From 1945 to 1997: General elections on newsreel and TV

From 1945 to 1997: General elections on newsreel and TV

Researching constituency profiles, as On London has been doing during the past few weeks, means stumbling across a wealth of newsreel and TV coverage of past general elections, all of it engaging and revealing of its time. I’ve pulled a few examples together here, with London and Londoners particularly in mind.

A Labour landslide is widely expected today. If it happens, it won’t be the first. In 1945, as the country clambered from the wreckage of WWII, the party won a majority of 145 seats, securing nearly 50 per cent of the popular vote and sending war leader Winston Churchill’s Conservatives to defeat.

The Pathé News report below shows Churchill in his Woodford constituency – an area of today’s Greater London that has never had a Labour MP, though that could change today if Shama Tatler prevails in Chingford & Woodford Green.

Also featured is Herbert Morrison, elected in Lewisham East at the expense of a Tory, who pledged to “rebuild London”. He went on to become, not Chancellor as the newsreel anticipates, but leader of the Commons and deputy of Prime Minister Clement Attlee (pictured). Morrison had already led the London County Council.

My next choice is Pathé’s coverage of the 1955, chosen largely because of its opening scene of a rain-soaked crowd in Piccadilly Circus cheering or booing results as they come in on a Daily Telegraph display board. We again see Attlee, still Labour’s leader, in his seat of Walthamstow West, and Morrison.

Churchill had regained the premiership in 1951, but stepped down in favour of Anthony Eden four years later. Eden had called an election straight away. Churchill still won in Woodford, though. There’s also footage of a drenched crowd in Trafalgar Square.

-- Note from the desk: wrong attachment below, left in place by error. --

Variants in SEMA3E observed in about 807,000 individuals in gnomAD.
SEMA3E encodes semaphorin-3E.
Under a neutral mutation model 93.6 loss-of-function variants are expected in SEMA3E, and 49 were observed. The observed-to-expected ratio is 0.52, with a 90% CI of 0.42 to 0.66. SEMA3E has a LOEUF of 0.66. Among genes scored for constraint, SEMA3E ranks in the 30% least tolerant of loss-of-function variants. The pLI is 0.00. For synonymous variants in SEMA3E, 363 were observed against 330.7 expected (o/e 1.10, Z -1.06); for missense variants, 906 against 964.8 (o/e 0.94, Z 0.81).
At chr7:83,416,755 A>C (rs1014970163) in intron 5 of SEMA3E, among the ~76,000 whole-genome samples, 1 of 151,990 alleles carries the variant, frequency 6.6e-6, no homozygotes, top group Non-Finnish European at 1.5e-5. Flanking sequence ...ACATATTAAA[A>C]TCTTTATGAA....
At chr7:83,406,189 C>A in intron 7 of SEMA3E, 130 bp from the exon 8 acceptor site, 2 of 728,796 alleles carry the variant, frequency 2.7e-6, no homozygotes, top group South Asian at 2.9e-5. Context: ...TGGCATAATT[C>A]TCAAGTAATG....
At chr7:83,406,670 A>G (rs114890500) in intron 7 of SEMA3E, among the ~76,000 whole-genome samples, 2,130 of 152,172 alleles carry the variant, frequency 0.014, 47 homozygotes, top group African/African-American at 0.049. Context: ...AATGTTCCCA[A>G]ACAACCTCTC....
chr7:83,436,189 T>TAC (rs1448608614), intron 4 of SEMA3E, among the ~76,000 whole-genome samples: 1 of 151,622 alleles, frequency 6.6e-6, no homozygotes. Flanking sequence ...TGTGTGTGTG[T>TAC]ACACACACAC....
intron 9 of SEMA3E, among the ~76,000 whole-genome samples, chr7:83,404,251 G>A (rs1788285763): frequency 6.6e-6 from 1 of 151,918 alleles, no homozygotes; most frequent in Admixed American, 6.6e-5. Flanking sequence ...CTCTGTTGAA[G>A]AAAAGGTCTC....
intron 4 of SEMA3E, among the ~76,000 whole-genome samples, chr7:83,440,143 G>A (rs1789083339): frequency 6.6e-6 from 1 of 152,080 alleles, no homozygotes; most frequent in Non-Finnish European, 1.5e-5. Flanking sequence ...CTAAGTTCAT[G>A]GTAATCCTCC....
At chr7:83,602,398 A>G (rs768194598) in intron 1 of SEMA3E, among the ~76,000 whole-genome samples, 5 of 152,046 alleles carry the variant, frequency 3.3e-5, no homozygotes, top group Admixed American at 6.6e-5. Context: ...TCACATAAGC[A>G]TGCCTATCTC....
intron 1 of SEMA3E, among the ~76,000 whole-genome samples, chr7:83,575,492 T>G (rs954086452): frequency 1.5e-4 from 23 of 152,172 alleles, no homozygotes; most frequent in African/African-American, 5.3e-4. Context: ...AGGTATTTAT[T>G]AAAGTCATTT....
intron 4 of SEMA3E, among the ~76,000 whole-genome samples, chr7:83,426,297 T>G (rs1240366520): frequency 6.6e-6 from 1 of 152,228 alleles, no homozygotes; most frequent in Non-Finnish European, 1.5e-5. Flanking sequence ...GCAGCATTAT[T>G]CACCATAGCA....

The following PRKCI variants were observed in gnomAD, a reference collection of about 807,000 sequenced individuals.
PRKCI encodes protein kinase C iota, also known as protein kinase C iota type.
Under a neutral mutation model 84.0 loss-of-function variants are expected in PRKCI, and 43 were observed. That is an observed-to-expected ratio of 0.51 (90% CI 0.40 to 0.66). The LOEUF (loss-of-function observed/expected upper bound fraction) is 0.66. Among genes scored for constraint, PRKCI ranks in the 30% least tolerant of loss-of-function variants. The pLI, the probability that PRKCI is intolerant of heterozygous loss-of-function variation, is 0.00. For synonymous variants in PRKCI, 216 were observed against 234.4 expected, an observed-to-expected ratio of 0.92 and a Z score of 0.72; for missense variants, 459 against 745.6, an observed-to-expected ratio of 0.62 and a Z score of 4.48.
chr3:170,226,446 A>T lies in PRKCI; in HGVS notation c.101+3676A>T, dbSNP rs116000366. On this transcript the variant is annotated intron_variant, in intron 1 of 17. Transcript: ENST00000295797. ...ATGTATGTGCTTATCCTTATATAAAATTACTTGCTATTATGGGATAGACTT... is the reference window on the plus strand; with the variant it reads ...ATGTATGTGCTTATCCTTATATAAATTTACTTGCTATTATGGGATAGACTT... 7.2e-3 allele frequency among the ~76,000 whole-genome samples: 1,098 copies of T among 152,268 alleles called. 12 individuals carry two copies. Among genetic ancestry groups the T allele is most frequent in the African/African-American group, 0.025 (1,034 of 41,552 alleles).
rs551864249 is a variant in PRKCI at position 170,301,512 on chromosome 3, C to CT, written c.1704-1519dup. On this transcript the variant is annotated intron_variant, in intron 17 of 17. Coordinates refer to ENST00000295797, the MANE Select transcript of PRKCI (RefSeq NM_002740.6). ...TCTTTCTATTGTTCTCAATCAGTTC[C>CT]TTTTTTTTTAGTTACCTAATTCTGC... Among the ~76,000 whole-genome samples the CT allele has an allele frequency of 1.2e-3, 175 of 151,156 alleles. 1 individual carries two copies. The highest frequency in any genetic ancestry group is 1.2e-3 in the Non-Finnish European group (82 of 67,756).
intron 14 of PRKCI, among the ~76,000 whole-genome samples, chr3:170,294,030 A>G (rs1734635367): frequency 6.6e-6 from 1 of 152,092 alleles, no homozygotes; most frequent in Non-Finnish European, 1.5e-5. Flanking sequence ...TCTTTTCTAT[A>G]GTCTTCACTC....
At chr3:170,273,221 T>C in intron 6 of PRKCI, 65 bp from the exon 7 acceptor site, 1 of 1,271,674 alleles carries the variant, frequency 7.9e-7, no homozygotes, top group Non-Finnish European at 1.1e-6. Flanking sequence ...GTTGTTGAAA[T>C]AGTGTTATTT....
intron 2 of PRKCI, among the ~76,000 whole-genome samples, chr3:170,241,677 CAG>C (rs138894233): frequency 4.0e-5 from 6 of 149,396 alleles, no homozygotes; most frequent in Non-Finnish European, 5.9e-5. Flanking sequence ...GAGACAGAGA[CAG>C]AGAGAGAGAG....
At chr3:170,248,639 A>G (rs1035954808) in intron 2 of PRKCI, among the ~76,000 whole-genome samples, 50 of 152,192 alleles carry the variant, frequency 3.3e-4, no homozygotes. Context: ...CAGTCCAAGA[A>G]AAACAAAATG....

The Tories won again in 1959, this time under Harold Macmillan. The film below is particularly notable for the bits about “coloured voters” and Oswald Mosley finishing last. This time, the Trafalgar Square crowd enjoyed better weather.

Labour didn’t win again until 1964, under Harold Wilson. Pathé’s coverage of this close-run campaign includes visits to Labour’s Eric Fletcher in Islington East as was, and the Tories’ Woodford successor to Churchill, for whom Britain’s reverence was undimmed. The reference to Tokyo, by the way, is an Olympics one.

We also meet the “attractive” 27 year-old female contesting Chigwell, comedian Jimmy Edwards fighting North Paddington, Screaming Lord Sutch, the Binface of his day, leafleting in Charing Cross Road, and Tory Prime Minister Alec Douglas-Home facing a crowd in St Pancras.

Let’s leap forward to 1979, by which time Pathé was in the past, and the, by today’s standards, extraordinary fact that London and the wider south east embraced the advent of Margaret Thatcher even more enthusiastically than the rest of the country – the region saw a 6.6 per cent swing towards the Tories compared with a national average of 4.9 per cent.

From Thames TV, we learn of a string of Labour in London seats turning blue, stretching from Paddington to Ilford.

Finally, to 1997, and the “New Labour” landslide under Tony Blair. There’s no special London interest in the BBC results coverage below – except for a background glimpse of Piccadilly Circus – but watch the first few minutes for the exit poll announcement and analysis. We could be in for a repeat from 10 o’clock tonight. provides unique coverage of the capital’s politics, development and culture. Support it for just £5 a month or £50 a year and get things for your money too. Details HERE. Threads: DaveHillOnLondon. X/Twitter: On London and Dave Hill.


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